Hey, it’s the kind of guy I am. I’ll do it for the good of the industry—not because I’m having any kind of withdrawal from casino gambling, mind you. It’s not like I’m binge-watching the Ocean’s Eleven movies, Rounders and Casino. It’s not like I tell my wife she has to make her point before I do the dishes.

Really, it’s not like that at all.

But as I write this, the big buzz in the biz is about the gadgets, gizmos and gimmicks that will allow us to return to casino operations. (I know; gimme a break. I’ve been home for two months.) In this issue of Global Gaming Business, you’ll find a showcase of some of the products that will assure a safe return to business. There are shields, there are UV lamps, there are uber-cleansers that last for days. There is stuff that will continuously disinfect chips, cards, dice, shufflers, tables, chairs, discarded chewing gum wrappers and trouser lint.

OK, I made the last two up. But the rest of that stuff is actually going to start appearing as we all tiptoe back into the casinos and ever-so-gingerly begin to once again leave all our disposable income, sanitized though it may be, on the disinfected felt of the New Normal Casino, Hotel, Spa and Sanitized Decompression Chamber.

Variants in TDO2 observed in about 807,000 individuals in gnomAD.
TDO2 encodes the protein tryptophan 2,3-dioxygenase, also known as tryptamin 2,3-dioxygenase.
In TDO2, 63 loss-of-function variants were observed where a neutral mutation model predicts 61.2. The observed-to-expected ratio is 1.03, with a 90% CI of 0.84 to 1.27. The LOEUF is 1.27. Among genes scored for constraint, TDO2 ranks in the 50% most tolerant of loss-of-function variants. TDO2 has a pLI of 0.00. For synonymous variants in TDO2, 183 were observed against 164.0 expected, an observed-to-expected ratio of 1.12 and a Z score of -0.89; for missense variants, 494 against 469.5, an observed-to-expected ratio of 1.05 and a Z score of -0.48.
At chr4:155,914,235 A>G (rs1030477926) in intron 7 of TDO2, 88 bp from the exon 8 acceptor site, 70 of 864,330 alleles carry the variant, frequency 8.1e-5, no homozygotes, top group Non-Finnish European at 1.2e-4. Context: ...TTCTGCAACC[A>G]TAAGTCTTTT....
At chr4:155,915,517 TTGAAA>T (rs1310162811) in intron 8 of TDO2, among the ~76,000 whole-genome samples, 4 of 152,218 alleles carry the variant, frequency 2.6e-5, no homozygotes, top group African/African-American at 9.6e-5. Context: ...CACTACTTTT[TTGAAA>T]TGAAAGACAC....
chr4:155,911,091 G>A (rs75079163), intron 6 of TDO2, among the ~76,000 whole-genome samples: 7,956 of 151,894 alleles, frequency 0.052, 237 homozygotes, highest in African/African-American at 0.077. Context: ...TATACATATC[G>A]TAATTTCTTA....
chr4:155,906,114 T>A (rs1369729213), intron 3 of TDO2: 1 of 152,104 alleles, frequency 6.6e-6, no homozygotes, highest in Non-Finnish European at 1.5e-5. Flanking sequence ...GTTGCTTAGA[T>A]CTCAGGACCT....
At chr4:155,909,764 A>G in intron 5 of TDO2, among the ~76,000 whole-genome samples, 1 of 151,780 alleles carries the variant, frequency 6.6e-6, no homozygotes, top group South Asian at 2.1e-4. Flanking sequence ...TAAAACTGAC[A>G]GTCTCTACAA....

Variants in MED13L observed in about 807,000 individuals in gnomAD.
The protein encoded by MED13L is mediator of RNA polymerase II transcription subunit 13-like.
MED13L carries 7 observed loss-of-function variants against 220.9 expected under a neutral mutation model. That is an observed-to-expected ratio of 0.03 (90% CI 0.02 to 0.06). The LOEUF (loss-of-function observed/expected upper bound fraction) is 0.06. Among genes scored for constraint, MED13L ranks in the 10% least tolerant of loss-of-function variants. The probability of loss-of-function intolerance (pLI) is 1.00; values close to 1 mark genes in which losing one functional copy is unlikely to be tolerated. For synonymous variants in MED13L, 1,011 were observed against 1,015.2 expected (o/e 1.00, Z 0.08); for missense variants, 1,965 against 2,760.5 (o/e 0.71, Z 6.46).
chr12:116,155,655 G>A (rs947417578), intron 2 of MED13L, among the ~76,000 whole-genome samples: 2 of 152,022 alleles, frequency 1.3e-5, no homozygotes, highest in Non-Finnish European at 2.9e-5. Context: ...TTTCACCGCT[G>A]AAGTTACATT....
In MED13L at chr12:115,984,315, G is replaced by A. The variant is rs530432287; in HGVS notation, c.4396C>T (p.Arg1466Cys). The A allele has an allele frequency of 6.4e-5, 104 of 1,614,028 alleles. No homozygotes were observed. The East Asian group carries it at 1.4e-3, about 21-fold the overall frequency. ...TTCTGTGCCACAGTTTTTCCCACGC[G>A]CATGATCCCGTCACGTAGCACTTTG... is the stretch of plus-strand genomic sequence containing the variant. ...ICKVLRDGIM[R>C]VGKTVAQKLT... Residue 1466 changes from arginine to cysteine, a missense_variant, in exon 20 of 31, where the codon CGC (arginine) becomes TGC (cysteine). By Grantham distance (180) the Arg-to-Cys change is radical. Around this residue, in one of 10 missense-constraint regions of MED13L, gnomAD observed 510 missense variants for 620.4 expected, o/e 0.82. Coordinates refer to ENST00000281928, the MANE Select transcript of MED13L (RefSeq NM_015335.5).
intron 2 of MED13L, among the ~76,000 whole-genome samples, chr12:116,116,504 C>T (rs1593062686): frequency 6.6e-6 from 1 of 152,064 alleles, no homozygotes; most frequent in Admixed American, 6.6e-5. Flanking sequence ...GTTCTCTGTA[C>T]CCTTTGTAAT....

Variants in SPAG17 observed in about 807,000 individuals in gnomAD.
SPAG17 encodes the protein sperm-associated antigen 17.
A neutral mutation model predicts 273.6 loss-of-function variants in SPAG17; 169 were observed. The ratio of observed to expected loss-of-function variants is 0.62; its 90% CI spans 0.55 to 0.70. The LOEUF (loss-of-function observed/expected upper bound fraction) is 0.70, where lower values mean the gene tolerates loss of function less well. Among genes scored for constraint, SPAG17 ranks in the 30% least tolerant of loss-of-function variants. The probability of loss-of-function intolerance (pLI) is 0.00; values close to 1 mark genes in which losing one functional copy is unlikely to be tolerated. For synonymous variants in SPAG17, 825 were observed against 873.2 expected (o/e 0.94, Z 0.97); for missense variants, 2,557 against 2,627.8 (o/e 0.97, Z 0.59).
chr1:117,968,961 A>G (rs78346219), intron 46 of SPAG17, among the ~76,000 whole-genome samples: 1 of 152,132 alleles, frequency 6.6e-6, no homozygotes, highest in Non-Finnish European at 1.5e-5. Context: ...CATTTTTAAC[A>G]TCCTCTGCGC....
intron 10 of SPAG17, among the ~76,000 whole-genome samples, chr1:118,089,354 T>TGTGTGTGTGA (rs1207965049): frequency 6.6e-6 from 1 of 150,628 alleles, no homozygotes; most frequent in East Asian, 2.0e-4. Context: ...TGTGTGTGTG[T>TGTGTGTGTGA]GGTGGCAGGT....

Don’t forget to stop at the door. You’ll need to be monitored for body temperature, facial characteristics, pre-existing conditions, and net worth in cash.

I still like the Bubble Boy idea.

Frank Legato
Frank Legato is editor of Global Gaming Business magazine. He has been writing on gaming topics since 1984, when he launched and served as editor of Casino Gaming magazine. Legato, a nationally recognized expert on slot machines, has served as editor and reporter for a variety of gaming publications, including Public Gaming, IGWB, Casino Journal, Casino Player, Strictly Slots and Atlantic City Insider. He has an B.A. in journalism and an M.A. in communications from Duquesne University in Pittsburgh, PA. He is the author of the books, How To Win Millions Playing Slot Machines... Or Lose Trying, and Atlantic City: In Living Color.  

    Related Articles

  • High Stakes and Sad Tales

    Tomfoolery on the casino floor, featuring Dealer Malcolm and Gambler Osgood

  • Corona Blues

    I can live without buffets, but don’t touch my coffee shop—and how the heck am I going to play craps?

  • Betting the Books

    Learning the new sports betting lingo is enough to transform a regular trade-magazine editor into a cigar-chomping, fedora-wearing, crusty old handicapper.

  • Shows, Churches and Waze

    Dead superstars, casino priests, and where the heck is the Borgata?

    Recent Feature Articles

  • Cash Out

    Handling money may become a thing of the past, thanks largely to the coronavirus pandemic

  • Casino Marketing—Art or Science?

    The first Casino Marketing Monitor examines job performance, satisfaction and challenges

  • Illegal Games Boom

    Unregulated “skill games” get a lifeline thanks to the Covid-19 crisis

  • Free to Play

    Driving fan engagement for tomorrow’s sports betting customer

  • Leading the Way

    Tribal casinos were the first U.S. casinos to reopen, and business has been brisk